Ferrari, an Italian luxury sports car manufacturer, reported a better-than-expected profit in the third quarter and forecasts this year’s earnings at the top of its previous guidance band, sending its shares up over 7% on Tuesday.
The company, known for its prancing horse logo reported earnings of EUR 330 million, nearly $386 million, or about $1.08 a share, up from EUR 311 million, about $1.05 a share, seen a year ago. That was higher than the market expectations of 96 cents per share. Ferrari said its revenue totalled EUR 888 million, or $1.04 billion, down 3% from a year earlier.
Ferrari forecasts adjusted core earnings of around EUR 1.125 billion in 2020, compared with the previous prediction of EUR 1.075-1.125 billion.
“We think Ferrari is back in the race in 2020 second half, barring a second wave that may close operations and dealers again,” said Richard Hilgert, senior equity analyst at Morningstar.
“Our model already reflected the high end of management guidance with an EPS estimate of EUR 2.80. However, due to the time value of money since our last update, we raised our fair value estimate to EUR 101 from EUR 99. While we are not averse to paying up for a high-quality, wide-moat-rated stock like Ferrari, the shares remain 1-star rated, overvalued relative to our forecasts for revenue growth, cash flow, and return on invested capital,” Hilgert added.
Ferrari shares closed 7.6% higher at EUR 168.30 on Tuesday; the stock is up over 10% so far this year.
“The new guidance implied a ‘very strong’ fourth quarter, with record quarterly volumes, revenues and earnings before interest, tax, depreciation and amortization (EBITDA). Solid proof that we are now running on all cylinders. We’ll enter 2021 with a very strong order book, we should have a pretty strong year,” said chief executive Louis Camilleri, Reuters reported.
Ferrari Stock Price Forecast
Ten equity analysts forecast the average price in 12 months at $220.72 with a high forecast of $265.00 and a low forecast of $175.55. The average price target represents a 12.61% increase from the last price of $196.01. From those ten analysts, eight rated “Buy”, one rated “Hold” and one rated “Sell”, according to Tipranks.
Morgan Stanley gave the base target price of $265 with a high of $350 under a bull-case scenario and $130 under the worst-case scenario. The firm currently has an “Overweight” rating on the luxury automaker’s stock.
“We view Ferrari as our highest quality stock and we expect meaningful growth in: shipments, ancillary revenue opportunity and growth in EBITDA margins. The valuation is comparable to leading luxury goods player, Hermès (covered by Edouard Aubin), which we think is justified,” said Adam Jonas, equity analyst at Morgan Stanley.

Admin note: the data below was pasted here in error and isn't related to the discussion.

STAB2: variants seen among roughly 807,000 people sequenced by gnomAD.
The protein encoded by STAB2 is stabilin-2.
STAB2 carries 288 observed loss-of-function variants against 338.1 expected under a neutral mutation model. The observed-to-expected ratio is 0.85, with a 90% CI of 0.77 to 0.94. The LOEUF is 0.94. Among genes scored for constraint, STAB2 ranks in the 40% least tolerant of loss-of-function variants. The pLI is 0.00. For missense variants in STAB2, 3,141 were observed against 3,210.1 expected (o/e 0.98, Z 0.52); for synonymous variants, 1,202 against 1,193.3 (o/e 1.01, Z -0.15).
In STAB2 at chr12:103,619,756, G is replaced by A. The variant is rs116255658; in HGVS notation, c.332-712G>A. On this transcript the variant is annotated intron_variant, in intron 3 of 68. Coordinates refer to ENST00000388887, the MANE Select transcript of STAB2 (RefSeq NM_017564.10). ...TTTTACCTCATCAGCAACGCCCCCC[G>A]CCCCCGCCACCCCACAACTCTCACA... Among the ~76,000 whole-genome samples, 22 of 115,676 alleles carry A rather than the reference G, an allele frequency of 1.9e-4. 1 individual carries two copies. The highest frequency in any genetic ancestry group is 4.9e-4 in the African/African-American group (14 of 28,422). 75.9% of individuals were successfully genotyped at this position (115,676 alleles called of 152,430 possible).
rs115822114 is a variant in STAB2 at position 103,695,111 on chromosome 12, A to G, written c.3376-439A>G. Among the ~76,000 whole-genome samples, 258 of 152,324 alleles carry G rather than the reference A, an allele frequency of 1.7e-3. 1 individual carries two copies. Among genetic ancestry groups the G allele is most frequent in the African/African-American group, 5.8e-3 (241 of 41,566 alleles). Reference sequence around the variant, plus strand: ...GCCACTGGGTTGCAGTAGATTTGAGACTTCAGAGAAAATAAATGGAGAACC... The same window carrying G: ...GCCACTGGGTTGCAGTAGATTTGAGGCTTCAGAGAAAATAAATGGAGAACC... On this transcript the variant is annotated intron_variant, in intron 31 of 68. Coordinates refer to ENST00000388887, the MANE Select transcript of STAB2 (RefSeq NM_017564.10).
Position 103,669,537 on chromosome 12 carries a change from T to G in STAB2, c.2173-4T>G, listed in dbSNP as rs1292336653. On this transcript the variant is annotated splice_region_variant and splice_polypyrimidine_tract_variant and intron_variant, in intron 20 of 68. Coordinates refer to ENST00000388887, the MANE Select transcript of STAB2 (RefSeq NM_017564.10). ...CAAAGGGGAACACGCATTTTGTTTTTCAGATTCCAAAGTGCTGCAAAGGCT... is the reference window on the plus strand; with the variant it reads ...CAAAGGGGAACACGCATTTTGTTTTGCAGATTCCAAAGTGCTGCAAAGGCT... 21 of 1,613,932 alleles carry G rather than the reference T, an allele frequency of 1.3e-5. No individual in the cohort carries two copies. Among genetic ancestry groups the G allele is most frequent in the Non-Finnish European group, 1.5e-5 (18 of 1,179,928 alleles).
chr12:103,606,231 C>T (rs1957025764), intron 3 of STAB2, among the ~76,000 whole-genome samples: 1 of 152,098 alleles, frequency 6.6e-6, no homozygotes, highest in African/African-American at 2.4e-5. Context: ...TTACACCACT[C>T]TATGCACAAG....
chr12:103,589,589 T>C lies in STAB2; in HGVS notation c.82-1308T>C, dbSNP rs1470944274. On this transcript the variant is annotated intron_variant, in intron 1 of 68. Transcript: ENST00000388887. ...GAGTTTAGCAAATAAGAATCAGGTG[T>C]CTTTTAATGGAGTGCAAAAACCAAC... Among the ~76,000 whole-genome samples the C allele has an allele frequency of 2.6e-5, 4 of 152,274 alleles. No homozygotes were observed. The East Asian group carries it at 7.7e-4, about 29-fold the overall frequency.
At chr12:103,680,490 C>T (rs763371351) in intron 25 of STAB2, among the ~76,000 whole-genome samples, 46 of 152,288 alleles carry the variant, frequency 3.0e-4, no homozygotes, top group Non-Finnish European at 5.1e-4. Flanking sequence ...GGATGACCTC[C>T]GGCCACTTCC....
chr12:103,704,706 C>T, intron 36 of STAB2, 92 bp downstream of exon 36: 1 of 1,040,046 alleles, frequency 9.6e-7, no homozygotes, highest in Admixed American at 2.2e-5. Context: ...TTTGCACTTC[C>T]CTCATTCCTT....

Ferrari had its target price lifted by JP Morgan to $180 from $151. They currently have a neutral rating on the stock. Several other analysts have also recently commented on the stock. Credit Suisse Group reiterated a buy rating and issued a $198 price target on shares of Ferrari. UBS Group increased their price target to $212 from $209 and gave the company a buy rating.
We think it is good to buy at the current level with a target of $220 as 100-day Moving Average and 100-200-day MACD Oscillator signal a buying opportunity.
“Growth potential and strong execution. Global shipments of <10k units in 2020, growing at a 9.0% CAGR to 2030 ending at ~22k shipments. Adj. EBITDA margins rise to 34% in 2021 and 38% in 2022 on improved mix and pricing after launching 5 new models in 2020 and 2 in 2021,” Morgan Stanley’s Jonas added.
“Ferrari trades at a justified premium to luxury brands, in line with the luxury leader, Hermes, albeit with more opportunity to grow organically via new customers, new segments and geographically in China & Asia-Pac, as well as exhibiting a unique moat with a world-renowned brand and a 12+ month customer order book.”
Upside and Downside Risks
Upside: 1) Higher revisions to guidance. 2) Shipments higher, ASPs higher, margins higher. 3) Commoditization of EVs mean more value is placed on Ferrari ICE engine – highlighted by Morgan Stanley.
Downside: 1) Weakness in demand or production issues. 2) Execution risk around brand expansion. 3) Increases in engineering costs to EV migration & EVs could hurt the value proposition. 4) F1 R&D costs higher than expected. 5) Austerity limits the perception of Ferrari owners.
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This article was originally posted on FX Empire